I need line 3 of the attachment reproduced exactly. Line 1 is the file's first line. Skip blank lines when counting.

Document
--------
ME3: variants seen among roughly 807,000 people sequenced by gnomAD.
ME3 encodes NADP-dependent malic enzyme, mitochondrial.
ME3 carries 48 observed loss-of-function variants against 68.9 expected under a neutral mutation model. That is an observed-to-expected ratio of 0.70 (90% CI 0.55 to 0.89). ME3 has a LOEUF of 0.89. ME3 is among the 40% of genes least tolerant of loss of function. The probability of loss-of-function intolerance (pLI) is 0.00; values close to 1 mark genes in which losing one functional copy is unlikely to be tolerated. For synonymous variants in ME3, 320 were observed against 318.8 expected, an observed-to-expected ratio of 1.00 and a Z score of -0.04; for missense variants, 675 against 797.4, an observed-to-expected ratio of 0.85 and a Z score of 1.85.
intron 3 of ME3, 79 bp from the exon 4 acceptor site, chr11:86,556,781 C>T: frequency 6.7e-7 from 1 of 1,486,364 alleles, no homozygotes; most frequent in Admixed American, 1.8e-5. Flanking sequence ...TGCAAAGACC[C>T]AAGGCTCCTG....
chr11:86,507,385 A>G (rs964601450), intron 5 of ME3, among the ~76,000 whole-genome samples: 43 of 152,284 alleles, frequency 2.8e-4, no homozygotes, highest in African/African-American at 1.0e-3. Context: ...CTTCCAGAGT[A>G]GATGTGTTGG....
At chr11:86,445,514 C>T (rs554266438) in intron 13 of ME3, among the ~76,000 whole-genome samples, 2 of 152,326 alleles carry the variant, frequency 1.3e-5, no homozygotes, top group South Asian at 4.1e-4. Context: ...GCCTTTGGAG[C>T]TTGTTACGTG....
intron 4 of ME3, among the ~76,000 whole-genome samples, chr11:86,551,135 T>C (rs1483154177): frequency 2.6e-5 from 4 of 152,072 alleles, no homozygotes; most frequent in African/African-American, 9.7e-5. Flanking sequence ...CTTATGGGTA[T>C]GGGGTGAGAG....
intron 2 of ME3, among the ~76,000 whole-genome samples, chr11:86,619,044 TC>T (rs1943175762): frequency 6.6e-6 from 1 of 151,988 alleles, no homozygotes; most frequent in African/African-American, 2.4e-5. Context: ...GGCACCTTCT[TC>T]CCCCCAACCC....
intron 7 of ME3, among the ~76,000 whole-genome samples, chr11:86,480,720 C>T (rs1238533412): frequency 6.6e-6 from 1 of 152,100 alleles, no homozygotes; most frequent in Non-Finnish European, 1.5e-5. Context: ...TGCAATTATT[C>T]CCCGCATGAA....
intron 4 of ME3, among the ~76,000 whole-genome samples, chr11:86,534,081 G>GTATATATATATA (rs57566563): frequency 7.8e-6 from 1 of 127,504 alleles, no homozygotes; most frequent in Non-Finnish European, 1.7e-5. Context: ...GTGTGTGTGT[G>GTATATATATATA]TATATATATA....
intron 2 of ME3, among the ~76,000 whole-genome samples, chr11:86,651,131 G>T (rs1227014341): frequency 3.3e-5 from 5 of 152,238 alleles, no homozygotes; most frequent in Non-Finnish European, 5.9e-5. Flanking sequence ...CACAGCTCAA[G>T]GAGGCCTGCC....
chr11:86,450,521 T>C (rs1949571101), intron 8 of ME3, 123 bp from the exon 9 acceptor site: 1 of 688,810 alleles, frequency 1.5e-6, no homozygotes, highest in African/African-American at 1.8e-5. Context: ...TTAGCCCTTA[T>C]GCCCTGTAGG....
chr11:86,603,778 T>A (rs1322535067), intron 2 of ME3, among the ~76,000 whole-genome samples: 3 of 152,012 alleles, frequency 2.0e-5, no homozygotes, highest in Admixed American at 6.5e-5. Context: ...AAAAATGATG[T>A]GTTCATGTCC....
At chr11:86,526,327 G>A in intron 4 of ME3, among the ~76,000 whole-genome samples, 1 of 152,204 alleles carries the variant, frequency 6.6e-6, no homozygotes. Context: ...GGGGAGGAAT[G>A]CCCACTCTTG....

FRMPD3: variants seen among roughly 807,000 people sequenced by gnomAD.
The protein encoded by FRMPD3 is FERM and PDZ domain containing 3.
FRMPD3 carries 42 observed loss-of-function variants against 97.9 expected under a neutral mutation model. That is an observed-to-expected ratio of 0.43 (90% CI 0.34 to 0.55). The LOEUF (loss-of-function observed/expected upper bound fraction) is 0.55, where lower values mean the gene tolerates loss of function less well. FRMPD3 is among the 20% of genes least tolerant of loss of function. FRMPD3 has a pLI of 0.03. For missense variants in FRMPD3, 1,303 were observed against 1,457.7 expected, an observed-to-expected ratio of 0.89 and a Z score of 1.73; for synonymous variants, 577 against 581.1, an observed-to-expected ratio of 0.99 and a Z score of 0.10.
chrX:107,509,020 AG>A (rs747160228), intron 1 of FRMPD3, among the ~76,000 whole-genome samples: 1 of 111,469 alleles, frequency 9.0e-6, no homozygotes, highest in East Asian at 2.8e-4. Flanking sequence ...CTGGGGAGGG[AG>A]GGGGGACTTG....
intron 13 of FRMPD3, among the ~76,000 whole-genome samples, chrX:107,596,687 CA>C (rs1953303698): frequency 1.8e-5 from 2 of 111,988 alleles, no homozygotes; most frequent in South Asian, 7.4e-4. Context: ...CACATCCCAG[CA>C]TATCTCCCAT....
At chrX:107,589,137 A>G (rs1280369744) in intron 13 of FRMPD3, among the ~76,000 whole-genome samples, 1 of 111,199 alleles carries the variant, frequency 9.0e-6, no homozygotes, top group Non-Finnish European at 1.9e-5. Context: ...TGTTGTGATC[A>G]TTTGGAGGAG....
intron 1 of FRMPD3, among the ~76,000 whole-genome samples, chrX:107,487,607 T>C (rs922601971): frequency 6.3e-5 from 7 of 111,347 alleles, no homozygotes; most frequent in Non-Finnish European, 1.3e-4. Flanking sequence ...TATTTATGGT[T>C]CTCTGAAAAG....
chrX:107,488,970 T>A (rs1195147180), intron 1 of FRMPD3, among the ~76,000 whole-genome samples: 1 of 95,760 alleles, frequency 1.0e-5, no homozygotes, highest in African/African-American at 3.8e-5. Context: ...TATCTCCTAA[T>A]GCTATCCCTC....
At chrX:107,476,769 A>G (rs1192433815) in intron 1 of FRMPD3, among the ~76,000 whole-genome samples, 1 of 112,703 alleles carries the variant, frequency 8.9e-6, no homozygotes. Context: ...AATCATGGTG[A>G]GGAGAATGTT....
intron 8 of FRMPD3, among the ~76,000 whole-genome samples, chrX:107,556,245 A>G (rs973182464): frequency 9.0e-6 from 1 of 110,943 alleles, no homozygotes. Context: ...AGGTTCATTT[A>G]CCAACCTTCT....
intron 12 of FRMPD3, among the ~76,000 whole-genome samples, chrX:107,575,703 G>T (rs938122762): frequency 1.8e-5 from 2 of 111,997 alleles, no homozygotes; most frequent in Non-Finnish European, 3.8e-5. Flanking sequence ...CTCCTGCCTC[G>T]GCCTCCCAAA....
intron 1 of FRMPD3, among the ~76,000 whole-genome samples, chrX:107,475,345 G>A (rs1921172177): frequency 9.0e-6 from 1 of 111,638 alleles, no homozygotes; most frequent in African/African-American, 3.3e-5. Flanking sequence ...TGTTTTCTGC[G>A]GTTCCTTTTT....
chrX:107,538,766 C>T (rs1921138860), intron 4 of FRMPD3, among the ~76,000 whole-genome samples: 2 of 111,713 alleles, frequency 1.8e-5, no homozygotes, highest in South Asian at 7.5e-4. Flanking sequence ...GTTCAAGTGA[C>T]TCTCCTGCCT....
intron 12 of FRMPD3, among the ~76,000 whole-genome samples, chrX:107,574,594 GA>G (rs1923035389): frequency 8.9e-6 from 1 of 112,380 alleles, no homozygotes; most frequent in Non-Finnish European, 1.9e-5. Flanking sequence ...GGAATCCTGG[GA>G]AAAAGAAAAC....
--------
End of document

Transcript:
ME3 carries 48 observed loss-of-function variants against 68.9 expected under a neutral mutation model. That is an observed-to-expected ratio of 0.70 (90% CI 0.55 to 0.89). ME3 has a LOEUF of 0.89. ME3 is among the 40% of genes least tolerant of loss of function. The probability of loss-of-function intolerance (pLI) is 0.00; values close to 1 mark genes in which losing one functional copy is unlikely to be tolerated. For synonymous variants in ME3, 320 were observed against 318.8 expected, an observed-to-expected ratio of 1.00 and a Z score of -0.04; for missense variants, 675 against 797.4, an observed-to-expected ratio of 0.85 and a Z score of 1.85.